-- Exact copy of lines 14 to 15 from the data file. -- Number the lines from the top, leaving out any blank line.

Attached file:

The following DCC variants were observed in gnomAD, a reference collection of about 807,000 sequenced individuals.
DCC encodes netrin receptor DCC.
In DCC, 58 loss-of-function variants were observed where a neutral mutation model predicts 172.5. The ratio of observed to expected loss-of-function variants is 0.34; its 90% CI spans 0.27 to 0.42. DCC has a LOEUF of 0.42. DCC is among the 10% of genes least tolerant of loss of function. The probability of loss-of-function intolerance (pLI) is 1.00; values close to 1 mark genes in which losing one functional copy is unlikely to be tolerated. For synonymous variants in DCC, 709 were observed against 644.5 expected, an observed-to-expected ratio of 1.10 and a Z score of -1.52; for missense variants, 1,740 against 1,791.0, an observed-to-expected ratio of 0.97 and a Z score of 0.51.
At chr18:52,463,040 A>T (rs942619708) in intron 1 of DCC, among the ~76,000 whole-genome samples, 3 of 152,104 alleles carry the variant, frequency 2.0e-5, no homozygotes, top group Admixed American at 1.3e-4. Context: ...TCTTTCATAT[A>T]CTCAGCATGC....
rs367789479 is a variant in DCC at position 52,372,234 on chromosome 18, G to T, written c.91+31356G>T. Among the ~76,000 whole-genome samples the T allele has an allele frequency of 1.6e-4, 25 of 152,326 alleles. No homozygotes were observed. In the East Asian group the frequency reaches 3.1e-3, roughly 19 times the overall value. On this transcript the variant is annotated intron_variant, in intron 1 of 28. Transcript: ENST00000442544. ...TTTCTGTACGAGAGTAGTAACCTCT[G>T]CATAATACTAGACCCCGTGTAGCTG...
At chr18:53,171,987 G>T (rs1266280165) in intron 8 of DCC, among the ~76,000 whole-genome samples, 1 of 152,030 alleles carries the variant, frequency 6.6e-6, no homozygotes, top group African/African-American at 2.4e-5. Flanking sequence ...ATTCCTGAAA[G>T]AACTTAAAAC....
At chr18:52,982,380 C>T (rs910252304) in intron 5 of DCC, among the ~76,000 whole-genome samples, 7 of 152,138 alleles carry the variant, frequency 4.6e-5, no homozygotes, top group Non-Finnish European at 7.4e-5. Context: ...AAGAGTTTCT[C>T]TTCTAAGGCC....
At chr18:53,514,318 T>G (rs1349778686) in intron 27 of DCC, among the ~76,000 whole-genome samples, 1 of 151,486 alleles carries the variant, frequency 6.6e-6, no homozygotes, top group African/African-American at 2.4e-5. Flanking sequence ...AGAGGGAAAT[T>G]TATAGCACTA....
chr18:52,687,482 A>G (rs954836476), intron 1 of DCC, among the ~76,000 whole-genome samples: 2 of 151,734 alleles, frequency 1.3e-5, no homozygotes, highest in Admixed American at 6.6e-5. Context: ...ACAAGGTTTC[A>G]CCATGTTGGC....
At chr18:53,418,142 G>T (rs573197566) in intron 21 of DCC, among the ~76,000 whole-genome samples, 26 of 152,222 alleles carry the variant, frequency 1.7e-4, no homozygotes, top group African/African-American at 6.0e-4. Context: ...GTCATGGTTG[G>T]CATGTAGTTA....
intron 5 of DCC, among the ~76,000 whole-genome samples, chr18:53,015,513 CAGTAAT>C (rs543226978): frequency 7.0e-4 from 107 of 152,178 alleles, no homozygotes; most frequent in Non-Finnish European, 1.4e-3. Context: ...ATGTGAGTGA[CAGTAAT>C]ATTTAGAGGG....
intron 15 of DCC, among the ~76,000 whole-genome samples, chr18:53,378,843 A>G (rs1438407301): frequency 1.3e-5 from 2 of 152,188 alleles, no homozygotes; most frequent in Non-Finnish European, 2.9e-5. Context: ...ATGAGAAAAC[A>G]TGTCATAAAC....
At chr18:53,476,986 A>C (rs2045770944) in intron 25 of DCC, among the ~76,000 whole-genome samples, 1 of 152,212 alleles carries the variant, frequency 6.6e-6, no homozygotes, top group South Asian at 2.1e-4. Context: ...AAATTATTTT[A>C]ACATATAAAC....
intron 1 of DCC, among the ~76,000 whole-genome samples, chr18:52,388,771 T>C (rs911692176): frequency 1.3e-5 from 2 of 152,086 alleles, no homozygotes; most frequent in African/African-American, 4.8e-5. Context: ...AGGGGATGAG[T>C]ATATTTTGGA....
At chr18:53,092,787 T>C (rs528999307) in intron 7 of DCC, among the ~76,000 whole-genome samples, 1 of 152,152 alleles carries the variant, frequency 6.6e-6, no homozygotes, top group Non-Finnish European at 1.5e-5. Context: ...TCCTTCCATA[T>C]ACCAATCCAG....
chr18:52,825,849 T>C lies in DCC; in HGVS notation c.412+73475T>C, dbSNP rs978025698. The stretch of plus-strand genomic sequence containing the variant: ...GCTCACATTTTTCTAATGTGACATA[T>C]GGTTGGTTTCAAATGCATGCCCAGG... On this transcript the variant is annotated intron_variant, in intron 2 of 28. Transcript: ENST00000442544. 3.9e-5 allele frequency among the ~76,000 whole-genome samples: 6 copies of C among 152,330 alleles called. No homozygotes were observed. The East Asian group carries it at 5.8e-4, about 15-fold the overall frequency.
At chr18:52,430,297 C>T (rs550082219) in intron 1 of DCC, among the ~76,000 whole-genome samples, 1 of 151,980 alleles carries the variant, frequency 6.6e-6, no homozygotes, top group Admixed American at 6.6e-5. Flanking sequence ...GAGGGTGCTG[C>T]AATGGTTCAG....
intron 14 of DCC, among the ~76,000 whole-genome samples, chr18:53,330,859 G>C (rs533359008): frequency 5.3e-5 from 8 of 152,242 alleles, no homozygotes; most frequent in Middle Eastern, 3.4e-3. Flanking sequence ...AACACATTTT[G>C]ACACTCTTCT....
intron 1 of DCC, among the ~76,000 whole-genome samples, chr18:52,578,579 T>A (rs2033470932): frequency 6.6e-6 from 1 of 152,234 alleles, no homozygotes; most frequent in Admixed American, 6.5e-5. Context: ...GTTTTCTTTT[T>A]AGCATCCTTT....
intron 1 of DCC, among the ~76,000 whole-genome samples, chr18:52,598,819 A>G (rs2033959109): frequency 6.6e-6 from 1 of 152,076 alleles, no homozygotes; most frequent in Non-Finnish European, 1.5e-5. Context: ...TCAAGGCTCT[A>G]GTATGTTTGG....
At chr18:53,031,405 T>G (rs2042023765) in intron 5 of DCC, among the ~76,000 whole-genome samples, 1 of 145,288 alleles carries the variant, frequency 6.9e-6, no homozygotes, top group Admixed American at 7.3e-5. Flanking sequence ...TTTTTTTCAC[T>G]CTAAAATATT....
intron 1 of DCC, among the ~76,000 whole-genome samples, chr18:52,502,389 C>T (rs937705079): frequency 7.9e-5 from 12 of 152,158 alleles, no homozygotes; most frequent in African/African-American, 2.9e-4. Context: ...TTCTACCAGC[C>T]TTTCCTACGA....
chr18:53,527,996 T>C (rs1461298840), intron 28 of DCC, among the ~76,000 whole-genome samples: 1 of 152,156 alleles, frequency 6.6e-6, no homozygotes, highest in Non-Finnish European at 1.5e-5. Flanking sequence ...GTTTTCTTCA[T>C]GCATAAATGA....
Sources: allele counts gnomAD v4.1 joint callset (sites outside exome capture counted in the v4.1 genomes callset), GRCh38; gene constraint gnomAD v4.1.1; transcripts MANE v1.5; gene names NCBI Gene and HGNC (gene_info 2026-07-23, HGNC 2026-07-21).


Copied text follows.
intron 1 of DCC, among the ~76,000 whole-genome samples, chr18:52,388,771 T>C (rs911692176): frequency 1.3e-5 from 2 of 152,086 alleles, no homozygotes; most frequent in African/African-American, 4.8e-5. Context: ...AGGGGATGAG[T>C]ATATTTTGGA....
At chr18:53,092,787 T>C (rs528999307) in intron 7 of DCC, among the ~76,000 whole-genome samples, 1 of 152,152 alleles carries the variant, frequency 6.6e-6, no homozygotes, top group Non-Finnish European at 1.5e-5. Context: ...TCCTTCCATA[T>C]ACCAATCCAG....